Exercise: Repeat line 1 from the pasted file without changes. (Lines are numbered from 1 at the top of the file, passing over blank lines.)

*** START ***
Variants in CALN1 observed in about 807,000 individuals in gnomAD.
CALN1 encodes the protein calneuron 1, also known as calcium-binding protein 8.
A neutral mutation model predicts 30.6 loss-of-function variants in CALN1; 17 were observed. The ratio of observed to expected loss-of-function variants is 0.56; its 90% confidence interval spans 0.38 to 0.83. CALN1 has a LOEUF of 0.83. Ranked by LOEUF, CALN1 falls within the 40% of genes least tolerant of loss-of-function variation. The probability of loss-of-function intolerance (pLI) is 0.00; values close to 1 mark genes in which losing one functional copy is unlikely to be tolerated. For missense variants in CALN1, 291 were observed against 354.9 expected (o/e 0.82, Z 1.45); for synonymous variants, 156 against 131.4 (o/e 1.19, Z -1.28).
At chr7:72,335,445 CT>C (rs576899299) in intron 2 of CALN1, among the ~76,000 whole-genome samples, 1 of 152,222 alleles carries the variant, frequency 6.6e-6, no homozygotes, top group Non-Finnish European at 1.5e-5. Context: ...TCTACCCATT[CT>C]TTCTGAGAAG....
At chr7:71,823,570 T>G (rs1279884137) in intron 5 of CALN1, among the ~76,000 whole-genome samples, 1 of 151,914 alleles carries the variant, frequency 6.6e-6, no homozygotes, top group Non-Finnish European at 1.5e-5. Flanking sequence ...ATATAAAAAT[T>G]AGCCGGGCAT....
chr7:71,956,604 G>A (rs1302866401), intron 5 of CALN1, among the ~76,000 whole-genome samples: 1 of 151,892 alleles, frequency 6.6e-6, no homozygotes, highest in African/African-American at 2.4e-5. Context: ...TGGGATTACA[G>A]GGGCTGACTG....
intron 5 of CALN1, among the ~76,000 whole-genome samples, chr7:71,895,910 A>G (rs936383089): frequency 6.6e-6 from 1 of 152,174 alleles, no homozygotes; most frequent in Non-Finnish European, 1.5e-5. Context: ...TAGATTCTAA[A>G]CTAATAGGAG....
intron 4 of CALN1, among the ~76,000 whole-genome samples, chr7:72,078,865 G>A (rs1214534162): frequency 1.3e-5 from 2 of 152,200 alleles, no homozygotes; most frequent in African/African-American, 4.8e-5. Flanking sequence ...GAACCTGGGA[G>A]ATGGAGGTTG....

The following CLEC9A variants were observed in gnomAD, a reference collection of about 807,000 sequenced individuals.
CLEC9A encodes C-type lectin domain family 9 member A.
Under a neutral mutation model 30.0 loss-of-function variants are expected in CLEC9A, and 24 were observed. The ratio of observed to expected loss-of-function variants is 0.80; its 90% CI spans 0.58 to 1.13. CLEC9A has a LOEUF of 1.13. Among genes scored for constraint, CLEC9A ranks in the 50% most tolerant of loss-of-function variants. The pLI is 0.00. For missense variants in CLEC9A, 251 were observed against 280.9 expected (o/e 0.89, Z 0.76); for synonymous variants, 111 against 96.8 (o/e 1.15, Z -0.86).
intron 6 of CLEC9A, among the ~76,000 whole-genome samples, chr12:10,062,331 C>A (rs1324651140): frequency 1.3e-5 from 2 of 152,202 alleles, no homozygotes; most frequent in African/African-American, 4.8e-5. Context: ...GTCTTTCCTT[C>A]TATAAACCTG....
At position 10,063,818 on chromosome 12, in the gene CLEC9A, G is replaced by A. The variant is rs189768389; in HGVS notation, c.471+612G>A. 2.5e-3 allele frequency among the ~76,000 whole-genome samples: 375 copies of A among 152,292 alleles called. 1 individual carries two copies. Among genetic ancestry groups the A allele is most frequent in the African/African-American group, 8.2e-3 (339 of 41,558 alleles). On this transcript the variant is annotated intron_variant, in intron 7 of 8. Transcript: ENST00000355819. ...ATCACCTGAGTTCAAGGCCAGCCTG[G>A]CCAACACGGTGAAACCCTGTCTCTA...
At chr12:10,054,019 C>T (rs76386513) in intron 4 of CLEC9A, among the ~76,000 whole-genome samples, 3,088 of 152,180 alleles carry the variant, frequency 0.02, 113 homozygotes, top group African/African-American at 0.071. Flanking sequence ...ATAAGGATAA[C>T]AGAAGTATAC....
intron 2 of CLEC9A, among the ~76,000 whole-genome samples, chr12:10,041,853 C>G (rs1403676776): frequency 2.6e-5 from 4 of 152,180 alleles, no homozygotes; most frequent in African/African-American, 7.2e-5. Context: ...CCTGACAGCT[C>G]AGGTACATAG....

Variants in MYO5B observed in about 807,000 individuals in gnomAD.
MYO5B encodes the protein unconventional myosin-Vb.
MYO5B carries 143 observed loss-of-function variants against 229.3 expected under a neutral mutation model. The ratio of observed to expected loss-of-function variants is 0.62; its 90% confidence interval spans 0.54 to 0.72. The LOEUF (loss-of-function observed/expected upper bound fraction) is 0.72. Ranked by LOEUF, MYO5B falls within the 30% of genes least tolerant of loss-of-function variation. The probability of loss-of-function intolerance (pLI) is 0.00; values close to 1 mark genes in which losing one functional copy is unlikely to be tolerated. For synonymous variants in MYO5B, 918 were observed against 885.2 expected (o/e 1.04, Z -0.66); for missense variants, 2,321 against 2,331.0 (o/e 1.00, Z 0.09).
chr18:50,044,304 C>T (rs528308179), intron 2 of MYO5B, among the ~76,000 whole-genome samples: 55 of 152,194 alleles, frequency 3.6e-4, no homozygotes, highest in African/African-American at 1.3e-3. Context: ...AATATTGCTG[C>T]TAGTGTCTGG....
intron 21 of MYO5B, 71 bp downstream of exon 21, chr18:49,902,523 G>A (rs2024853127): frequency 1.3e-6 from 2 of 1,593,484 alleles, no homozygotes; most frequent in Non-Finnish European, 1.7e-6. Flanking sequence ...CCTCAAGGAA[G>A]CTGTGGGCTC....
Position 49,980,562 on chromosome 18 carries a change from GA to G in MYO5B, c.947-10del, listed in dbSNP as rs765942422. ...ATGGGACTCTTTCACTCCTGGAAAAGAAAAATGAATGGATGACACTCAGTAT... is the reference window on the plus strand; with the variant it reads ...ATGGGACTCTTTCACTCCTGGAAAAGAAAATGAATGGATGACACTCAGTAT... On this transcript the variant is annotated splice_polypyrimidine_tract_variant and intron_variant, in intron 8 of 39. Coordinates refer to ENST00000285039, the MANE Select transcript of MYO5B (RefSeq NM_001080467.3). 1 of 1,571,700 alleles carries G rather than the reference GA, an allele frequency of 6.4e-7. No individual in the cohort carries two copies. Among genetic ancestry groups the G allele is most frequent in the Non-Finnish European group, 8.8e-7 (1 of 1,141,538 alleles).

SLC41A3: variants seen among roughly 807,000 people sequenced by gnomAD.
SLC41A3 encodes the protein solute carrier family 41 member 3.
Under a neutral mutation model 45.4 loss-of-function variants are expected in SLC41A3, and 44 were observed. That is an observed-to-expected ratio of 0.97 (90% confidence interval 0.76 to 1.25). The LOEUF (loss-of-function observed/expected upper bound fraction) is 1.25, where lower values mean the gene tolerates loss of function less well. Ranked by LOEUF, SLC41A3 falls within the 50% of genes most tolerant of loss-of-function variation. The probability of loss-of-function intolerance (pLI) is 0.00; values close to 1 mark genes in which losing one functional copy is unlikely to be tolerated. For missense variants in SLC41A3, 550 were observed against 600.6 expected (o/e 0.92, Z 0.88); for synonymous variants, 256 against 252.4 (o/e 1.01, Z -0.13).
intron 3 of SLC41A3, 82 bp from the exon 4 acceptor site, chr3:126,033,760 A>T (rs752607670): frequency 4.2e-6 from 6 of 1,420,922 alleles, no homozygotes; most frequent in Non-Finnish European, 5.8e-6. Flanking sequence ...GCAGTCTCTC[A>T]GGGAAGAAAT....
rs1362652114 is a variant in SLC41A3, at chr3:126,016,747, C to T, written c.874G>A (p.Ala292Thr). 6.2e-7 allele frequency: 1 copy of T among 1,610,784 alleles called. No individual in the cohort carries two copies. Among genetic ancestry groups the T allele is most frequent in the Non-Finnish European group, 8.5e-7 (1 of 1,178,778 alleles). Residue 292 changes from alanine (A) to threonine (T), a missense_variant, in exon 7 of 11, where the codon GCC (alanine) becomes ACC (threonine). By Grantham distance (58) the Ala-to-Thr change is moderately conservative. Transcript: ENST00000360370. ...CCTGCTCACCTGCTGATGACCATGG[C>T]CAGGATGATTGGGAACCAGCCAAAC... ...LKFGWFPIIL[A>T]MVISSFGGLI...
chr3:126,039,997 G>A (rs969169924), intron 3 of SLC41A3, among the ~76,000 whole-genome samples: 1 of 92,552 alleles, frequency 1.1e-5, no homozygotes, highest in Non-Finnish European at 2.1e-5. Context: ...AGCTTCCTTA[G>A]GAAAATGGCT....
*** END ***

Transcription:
Variants in CALN1 observed in about 807,000 individuals in gnomAD.